The Canadian Technician

From The 3-Month To The 30-Year! Yikes! - Market Roundup


Across my macro bundle of charts, which includes equities, commodities, bonds and currencies, many, many charts are trying to hold trend lines. I recently tweeted on Twitter that I currently have 40 or 50 charts that are positioned for a major breakdown. 

Canadian Grizzlies - May 22, 2019, Photo by Greg Schnell

In equities, the $SPX sits just above 2800, with less than 57% of the stocks on a buy signal, down from 79% in mid-April. Perhaps the real problem is not the breadth, but the stickiness of the breadth. When 80% of the $SPX are on a buy signal, that is undeniably bullish. However, when they quickly reverse and barely 1/2 are on a buy signal, that is weak. There is a solid history of bounces at the 50% level marking typical support. However, there are an equal number of occurrences of the market unraveling. The worst part is that the bond market is signaling the major unravelling, not support. (While a lot of my historical information looks back 20 years, there might be some other examples in history.)

The spring (Q2) of 2002 went from 77 to 15 with one bounce in between. The bounce started at current levels but is hard to see on this compressed chart.

The final high in 2007 and the bounce off the 2008 lows into January 2009 had big rallies that church-spired in terms of sentiment and plummeted. Check out the chart below. By the way, the $SPX is usually the strongest of the indexes because of its sector diversity.

In the lower panel on the chart above, you can see that when the percentage of stocks above the 200-day moving average drops below 60%, the market usually unwinds significantly. Notice the green line (now below 60) and how stocks behave when sentiment is falling. I think we can agree on both measurements it needs to hold right here.

Just as a point of information for new readers of technical analysis, I was referring to the 200-day moving average above. In the charts below, I will mention different moving averages based on the chart being monthly, daily or weekly. The 10-month, 40-week and 200-day moving averages are all similarly located on a chart, so we change the moving average number to reflect the time period of the chart we are looking at.  If it is a weekly chart, we use the 40-week moving average. On a daily chart, we use the 200-day moving average which is 40 weeks x 5 days/week. By using similar moving averages, we can approximate the same level. It won't be exact, though, as the monthly only has 10 data points while the 200-day moving average uses 200 data points. The reason the 200-day is used is to reflect a longer term opinion. Below, a 200-day moving average is usually a downtrend of longer-term importance. For an uptrend, when things are above the 200-day, that is typically a bullish scenario. In the lower panel on the chart above, this indicator keeps track of what percentage of stocks are above or below the 200-day moving average.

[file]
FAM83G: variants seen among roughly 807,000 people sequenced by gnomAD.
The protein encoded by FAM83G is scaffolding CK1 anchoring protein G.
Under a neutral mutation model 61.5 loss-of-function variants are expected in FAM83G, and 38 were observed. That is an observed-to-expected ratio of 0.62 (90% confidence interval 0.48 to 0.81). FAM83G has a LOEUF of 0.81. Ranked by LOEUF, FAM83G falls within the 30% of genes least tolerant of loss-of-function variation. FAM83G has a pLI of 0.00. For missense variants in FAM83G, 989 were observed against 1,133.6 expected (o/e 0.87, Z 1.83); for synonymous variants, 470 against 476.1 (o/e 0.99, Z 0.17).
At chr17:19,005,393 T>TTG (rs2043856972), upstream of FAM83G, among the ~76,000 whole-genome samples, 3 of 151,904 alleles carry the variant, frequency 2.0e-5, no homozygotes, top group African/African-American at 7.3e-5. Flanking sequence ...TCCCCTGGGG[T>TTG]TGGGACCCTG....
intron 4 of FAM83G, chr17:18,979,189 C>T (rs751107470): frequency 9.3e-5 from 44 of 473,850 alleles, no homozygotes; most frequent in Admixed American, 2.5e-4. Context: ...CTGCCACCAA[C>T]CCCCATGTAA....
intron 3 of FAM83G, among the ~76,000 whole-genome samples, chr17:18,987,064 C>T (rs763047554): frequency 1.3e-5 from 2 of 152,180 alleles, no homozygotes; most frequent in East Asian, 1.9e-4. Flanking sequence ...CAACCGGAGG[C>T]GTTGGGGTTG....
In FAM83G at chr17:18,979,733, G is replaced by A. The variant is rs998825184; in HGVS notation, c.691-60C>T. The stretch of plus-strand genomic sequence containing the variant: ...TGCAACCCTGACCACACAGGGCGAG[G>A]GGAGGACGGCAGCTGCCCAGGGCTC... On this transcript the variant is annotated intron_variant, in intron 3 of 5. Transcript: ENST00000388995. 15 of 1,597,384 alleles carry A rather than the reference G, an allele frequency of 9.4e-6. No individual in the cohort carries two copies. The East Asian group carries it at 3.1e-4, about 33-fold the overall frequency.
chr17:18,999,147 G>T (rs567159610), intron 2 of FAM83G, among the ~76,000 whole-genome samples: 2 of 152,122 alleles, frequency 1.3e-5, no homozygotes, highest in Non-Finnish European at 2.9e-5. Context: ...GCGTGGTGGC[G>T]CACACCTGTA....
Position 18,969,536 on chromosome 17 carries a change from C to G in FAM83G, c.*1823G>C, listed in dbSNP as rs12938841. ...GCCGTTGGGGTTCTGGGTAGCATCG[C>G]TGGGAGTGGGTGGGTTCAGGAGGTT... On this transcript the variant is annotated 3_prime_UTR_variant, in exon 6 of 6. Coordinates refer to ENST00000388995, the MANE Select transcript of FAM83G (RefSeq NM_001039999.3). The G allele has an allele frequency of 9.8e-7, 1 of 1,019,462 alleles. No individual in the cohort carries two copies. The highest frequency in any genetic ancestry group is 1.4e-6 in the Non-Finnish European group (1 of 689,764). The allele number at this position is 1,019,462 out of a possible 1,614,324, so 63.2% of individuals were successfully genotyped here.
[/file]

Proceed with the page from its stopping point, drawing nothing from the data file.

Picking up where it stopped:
For the broad indexes like the Nasdaq and the NYSE, it is very late in a rally as these levels are very low for the market to hold up. These charts always break before the $SPX, but I'll take the early warning information rather than be shocked. In this case, I have circled 5 periods where the Nasdaq market stalled below the optimal areas above the red lines. Even without that similarity in history, if only 48% of the stocks are on a buy signal and dropping and only 38% - yes, 38% - are above the long term 200-day moving average, we are in a correction or heading for much worse.

The NYSE chart does not wobble as fast as the Nasdaq market, but the facts aren't much better: 51% on both metrics below. Again, the broad market didn't rally up into the bullish and very bullish levels denoted by my red lines on the panels below. We are hanging by a thread on both panels. 

The narrowest, most bullish index is the Nasdaq 100, shown below. Less than 50% of the stocks are on a buy signal. Gulp.

These charts on their own could suggest a normal pullback. Fair point. I don't know of a chart that will tell you the final warning. It is the current cluster of information across assets that makes the situation more precarious. The problem is that the bond market is lining up with trend lines that marked major tops, like in 2000 and 2007.

I'll go to the bond charts now.

Get ready for 5% - Jamie Dimon, August 2018.


For the 30-year chart, busting an up-sloping red trend line late last year, it was the shot across the bow. Yields rallied off the December low, but the rally stalled at the 40-week moving average. That is a problem when two-year trends break.

However, another important data point occurred after Jamie Dimon said get ready for 5% back in August 2018. I noted this event on the 10-year yield chart coming up later in the article. It was a few months before the final rally of bond market yields since late 2014. This rally was a false breakout, as we can see now. Hindsight is 20/20, but I think we did a good job of noting the momentum rolling over at the time.

What If the Bull Market Just Never Ends - Bloomberg April 24,2019

On the macro picture, we still have a series of lower highs, but a four-year high looked bullish at the time. I don't put Jamie Dimon's name on here to belittle such a smart man. Chartists commonly see extremes in sentiment occur near tops. It was a good data point for an extreme in sentiment when a prominent bank CEO in the world could only see upside. It reminds me of the recent Bloomberg article "What If the Bull Market Just Never Ends? - April 24, 2019." We'll see how that plays out, looking at my charts below.

Here is the 30-year.

Staying with the chart above, notice that we are getting close to testing the 2009-2019 uptrend on the PPO. A break through that line would be another confirmation of a major trend change for me.

For those following my work, I was concerned by the 10-year bond starting to make new 52-week lows. In hindsight, March was a little too early for marking a stock market top, but we are back to late March levels now on the $SPX and lower on other markets. Is an early warning a problem or a nuisance? The 10-year chart moved to new lows this week and the tension in the various charts has only gotten tighter.